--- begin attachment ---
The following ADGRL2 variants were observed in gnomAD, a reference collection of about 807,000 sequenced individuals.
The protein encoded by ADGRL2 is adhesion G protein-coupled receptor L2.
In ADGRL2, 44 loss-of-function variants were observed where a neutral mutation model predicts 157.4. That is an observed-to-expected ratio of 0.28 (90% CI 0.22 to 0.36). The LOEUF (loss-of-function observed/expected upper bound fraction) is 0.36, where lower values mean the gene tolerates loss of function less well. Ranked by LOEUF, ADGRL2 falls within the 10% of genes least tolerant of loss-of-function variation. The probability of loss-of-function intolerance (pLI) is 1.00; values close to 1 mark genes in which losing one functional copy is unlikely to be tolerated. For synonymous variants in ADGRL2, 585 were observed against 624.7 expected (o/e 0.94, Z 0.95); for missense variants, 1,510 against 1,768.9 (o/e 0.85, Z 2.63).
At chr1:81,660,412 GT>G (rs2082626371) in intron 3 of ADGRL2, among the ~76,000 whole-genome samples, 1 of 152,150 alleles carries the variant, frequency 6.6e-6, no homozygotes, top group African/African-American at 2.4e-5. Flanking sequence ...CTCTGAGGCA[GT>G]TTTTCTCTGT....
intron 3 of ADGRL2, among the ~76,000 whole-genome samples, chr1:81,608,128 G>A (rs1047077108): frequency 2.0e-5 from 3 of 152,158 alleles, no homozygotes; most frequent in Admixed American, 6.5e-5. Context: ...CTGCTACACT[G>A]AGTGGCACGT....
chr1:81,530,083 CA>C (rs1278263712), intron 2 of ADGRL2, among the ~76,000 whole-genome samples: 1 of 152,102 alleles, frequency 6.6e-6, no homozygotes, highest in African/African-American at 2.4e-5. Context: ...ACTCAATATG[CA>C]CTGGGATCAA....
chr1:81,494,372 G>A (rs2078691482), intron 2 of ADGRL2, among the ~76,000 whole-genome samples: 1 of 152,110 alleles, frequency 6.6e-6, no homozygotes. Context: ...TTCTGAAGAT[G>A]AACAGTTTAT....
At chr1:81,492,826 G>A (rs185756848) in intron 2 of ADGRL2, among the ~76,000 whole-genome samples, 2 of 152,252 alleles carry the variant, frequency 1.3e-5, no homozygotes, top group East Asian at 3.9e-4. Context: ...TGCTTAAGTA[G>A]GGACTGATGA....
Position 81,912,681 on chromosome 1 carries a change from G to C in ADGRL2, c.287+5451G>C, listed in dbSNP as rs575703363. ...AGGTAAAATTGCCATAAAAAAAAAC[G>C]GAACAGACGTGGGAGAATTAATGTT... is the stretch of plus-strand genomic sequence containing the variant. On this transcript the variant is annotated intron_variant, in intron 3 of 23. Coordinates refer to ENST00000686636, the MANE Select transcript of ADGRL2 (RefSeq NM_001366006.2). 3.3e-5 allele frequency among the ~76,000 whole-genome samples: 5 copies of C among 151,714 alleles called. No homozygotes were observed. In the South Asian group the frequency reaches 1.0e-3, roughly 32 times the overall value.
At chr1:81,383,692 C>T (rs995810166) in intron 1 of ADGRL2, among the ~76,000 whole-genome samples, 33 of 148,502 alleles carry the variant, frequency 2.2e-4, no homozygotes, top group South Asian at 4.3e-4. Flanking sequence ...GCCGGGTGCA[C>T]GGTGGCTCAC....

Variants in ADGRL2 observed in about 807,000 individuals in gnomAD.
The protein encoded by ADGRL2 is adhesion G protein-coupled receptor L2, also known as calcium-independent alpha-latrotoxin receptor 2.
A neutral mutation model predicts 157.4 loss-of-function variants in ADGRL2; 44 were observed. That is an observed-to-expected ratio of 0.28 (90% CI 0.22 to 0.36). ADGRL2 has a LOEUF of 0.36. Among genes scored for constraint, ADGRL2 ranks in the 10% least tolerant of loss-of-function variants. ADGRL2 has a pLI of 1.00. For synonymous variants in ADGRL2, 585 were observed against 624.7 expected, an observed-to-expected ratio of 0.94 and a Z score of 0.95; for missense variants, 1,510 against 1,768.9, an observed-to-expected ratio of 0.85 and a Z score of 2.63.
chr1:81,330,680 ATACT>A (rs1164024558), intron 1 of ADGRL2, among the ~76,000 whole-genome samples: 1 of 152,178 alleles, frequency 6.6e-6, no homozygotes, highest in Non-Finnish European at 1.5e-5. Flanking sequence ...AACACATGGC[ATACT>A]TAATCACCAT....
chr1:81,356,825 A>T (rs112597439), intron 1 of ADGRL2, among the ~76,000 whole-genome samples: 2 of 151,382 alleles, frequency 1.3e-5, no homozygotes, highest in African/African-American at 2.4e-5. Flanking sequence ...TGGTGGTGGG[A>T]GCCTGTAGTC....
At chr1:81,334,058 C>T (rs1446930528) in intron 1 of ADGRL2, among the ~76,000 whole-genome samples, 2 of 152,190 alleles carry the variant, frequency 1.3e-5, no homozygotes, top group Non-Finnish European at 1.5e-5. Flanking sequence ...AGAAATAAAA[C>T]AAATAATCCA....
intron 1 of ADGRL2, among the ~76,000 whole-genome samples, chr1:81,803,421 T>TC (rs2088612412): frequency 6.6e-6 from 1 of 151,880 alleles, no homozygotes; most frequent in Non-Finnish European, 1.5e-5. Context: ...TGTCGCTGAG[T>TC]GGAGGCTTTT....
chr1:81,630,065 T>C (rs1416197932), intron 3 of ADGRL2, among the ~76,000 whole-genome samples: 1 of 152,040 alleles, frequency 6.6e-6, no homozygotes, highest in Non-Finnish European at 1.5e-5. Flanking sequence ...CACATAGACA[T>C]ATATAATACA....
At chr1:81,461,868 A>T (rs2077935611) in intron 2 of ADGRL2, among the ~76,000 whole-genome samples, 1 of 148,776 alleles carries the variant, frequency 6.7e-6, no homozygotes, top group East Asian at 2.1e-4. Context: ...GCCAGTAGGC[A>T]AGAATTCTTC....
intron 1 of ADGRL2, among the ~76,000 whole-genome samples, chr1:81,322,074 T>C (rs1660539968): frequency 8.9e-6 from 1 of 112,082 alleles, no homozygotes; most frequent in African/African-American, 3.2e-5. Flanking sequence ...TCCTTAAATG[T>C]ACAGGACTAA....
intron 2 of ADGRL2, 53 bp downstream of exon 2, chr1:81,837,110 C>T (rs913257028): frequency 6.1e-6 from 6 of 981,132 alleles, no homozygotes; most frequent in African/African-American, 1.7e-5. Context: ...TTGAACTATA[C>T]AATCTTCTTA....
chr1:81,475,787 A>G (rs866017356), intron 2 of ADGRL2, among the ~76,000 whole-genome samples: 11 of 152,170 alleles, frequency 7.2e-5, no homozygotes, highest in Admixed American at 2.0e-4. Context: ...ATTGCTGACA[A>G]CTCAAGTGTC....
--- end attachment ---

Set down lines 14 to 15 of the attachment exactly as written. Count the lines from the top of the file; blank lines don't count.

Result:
chr1:81,330,680 ATACT>A (rs1164024558), intron 1 of ADGRL2, among the ~76,000 whole-genome samples: 1 of 152,178 alleles, frequency 6.6e-6, no homozygotes, highest in Non-Finnish European at 1.5e-5. Flanking sequence ...AACACATGGC[ATACT>A]TAATCACCAT....
chr1:81,356,825 A>T (rs112597439), intron 1 of ADGRL2, among the ~76,000 whole-genome samples: 2 of 151,382 alleles, frequency 1.3e-5, no homozygotes, highest in African/African-American at 2.4e-5. Flanking sequence ...TGGTGGTGGG[A>T]GCCTGTAGTC....